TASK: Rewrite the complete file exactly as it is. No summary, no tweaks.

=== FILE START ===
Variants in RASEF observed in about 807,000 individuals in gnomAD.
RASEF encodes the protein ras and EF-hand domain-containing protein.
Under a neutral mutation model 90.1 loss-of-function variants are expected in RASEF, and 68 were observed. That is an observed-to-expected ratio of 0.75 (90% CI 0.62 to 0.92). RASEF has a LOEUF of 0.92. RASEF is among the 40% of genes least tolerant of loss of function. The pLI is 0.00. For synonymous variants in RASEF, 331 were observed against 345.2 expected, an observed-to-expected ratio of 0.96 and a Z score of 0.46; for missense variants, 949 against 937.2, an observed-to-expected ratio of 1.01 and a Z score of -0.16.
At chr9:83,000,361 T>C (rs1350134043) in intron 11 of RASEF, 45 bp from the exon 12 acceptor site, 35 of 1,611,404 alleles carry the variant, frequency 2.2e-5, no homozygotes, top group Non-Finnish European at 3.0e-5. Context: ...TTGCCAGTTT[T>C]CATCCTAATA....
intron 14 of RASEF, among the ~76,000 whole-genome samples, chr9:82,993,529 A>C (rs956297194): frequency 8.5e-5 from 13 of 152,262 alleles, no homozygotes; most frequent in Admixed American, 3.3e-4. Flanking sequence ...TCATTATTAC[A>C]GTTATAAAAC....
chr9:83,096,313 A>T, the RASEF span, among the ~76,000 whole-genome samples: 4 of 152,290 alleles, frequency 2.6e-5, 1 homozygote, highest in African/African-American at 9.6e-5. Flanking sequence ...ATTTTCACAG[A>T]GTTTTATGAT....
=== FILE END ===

Variants in RASEF observed in about 807,000 individuals in gnomAD.
RASEF encodes the protein ras and EF-hand domain-containing protein.
Under a neutral mutation model 90.1 loss-of-function variants are expected in RASEF, and 68 were observed. That is an observed-to-expected ratio of 0.75 (90% CI 0.62 to 0.92). RASEF has a LOEUF of 0.92. RASEF is among the 40% of genes least tolerant of loss of function. The pLI is 0.00. For synonymous variants in RASEF, 331 were observed against 345.2 expected, an observed-to-expected ratio of 0.96 and a Z score of 0.46; for missense variants, 949 against 937.2, an observed-to-expected ratio of 1.01 and a Z score of -0.16.
At chr9:83,000,361 T>C (rs1350134043) in intron 11 of RASEF, 45 bp from the exon 12 acceptor site, 35 of 1,611,404 alleles carry the variant, frequency 2.2e-5, no homozygotes, top group Non-Finnish European at 3.0e-5. Context: ...TTGCCAGTTT[T>C]CATCCTAATA....
intron 14 of RASEF, among the ~76,000 whole-genome samples, chr9:82,993,529 A>C (rs956297194): frequency 8.5e-5 from 13 of 152,262 alleles, no homozygotes; most frequent in Admixed American, 3.3e-4. Flanking sequence ...TCATTATTAC[A>C]GTTATAAAAC....
chr9:83,096,313 A>T, the RASEF span, among the ~76,000 whole-genome samples: 4 of 152,290 alleles, frequency 2.6e-5, 1 homozygote, highest in African/African-American at 9.6e-5. Flanking sequence ...ATTTTCACAG[A>T]GTTTTATGAT....